Johnny almost did.

Jim Dethmer [01:01:34]:

Yeah, you could have couldn't. You could have numbed it by working. You could have numbed it by drugs or alcohol. You could have numbed it by looking at screens all day. You could have gone into all kinds of denial, but it would have killed your aliveness.

Jonny Miller [01:01:47]:

Yeah, it's funny you mentioned that. The reason that I ended up doing a Vipassana and plant medicine journey pretty soon afterwards, and it was specifically because I'd seen adults, people often, I think late 40s, who had experienced loss, and they were like this husk of a human. There was no life force. And I saw that, and I was actually terrified because I knew I had this capacity to basically numb. That's what I've been doing for the last and it's funny you mentioned the adrenaline. I surfed big waves. That was my fix. I got the kicks from wipeouts on like 15 foot waves, and that was where my aliveness came online. So it's really interesting what you share. So something's coming up for me, and again, it's interesting you mentioned Brad from Radical Honesty, the guy that's living with us right now, he was the CEO of their company for a few weeks. So we've been talking about them and their practices, and something he's been sharing with me has been this kind of practice of clearing withholds. And I know that this is a big part of what you teach, at least that's what I've read. And it also strikes me something that's kind of practical. So for people who are listening and being like, okay, this sounds maybe they're bought in. Maybe they're like, okay, I'm willing to kind of take a risk. How do you actually go about it, practically? And do you schedule clearing sessions once a week? Because it's one thing to say, I'm going to be radically honest, and like you said, it also requires that embodied safety. And I think that can kind of take deliberate containers at times. What would you recommend for someone kind of to create that space and begin exploring this in a way that was like not way outside their window of tolerance, not just going to kind of shut them down right away.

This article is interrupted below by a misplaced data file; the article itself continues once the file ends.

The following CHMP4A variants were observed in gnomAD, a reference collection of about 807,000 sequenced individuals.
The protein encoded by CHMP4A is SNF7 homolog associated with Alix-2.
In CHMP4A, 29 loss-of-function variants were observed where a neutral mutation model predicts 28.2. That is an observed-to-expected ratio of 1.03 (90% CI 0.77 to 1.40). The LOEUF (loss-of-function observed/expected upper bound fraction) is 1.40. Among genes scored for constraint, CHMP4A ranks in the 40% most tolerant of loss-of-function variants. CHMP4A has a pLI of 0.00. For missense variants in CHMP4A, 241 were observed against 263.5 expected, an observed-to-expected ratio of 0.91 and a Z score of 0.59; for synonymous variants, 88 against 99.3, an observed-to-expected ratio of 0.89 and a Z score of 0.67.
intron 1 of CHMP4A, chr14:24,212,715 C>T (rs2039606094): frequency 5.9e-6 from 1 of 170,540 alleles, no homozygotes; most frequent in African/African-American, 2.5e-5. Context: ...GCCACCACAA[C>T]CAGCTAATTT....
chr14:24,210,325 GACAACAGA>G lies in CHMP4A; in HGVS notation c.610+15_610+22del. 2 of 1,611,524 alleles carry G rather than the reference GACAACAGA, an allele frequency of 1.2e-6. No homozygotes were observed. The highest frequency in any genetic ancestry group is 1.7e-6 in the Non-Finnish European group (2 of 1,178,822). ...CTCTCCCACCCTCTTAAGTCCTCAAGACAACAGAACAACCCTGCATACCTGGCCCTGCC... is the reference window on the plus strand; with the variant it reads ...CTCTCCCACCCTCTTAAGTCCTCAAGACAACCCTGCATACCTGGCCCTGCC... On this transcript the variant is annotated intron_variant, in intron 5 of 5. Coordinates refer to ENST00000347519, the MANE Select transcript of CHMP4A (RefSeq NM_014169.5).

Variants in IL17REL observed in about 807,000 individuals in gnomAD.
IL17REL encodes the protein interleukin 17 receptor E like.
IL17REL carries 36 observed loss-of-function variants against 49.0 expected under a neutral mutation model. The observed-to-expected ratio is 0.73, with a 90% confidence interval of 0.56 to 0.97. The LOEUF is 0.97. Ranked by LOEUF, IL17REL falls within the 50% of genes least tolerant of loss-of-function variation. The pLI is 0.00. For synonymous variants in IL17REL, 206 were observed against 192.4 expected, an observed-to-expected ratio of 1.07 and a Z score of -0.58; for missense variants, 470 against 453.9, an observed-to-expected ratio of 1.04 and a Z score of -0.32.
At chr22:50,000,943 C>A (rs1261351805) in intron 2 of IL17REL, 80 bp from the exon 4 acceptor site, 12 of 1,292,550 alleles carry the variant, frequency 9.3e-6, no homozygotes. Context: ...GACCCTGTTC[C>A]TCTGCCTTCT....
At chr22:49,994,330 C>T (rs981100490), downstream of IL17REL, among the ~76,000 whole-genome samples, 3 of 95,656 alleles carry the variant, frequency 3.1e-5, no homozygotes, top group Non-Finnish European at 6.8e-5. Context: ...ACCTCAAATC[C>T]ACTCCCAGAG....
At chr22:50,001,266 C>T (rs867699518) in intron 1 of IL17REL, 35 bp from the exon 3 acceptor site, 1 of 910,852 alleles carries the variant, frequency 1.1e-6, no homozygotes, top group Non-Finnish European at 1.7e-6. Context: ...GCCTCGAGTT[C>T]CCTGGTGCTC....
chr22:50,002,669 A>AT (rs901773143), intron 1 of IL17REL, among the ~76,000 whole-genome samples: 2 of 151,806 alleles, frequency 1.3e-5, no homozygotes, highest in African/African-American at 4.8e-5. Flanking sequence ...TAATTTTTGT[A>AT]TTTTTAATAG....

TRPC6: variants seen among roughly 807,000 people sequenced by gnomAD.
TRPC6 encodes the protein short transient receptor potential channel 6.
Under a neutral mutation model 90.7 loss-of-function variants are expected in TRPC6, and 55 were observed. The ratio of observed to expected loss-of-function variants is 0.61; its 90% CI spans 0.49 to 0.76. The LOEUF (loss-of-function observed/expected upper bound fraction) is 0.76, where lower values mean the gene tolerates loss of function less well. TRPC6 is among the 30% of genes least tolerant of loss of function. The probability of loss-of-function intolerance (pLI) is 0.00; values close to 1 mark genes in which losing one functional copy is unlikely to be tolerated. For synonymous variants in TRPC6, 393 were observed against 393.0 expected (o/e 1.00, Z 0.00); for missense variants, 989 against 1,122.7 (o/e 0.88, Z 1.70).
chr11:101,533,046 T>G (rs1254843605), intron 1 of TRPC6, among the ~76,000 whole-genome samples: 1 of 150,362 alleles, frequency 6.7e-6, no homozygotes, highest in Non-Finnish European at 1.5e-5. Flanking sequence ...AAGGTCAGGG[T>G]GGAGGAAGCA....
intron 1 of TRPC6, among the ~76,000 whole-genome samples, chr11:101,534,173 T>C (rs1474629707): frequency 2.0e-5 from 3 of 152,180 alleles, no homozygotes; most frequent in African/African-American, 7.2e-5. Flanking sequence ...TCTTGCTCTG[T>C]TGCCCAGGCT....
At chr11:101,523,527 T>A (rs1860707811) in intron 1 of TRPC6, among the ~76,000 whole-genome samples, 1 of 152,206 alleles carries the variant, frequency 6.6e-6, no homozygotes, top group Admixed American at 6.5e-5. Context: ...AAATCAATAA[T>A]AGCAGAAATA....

Jim Dethmer [01:03:43]: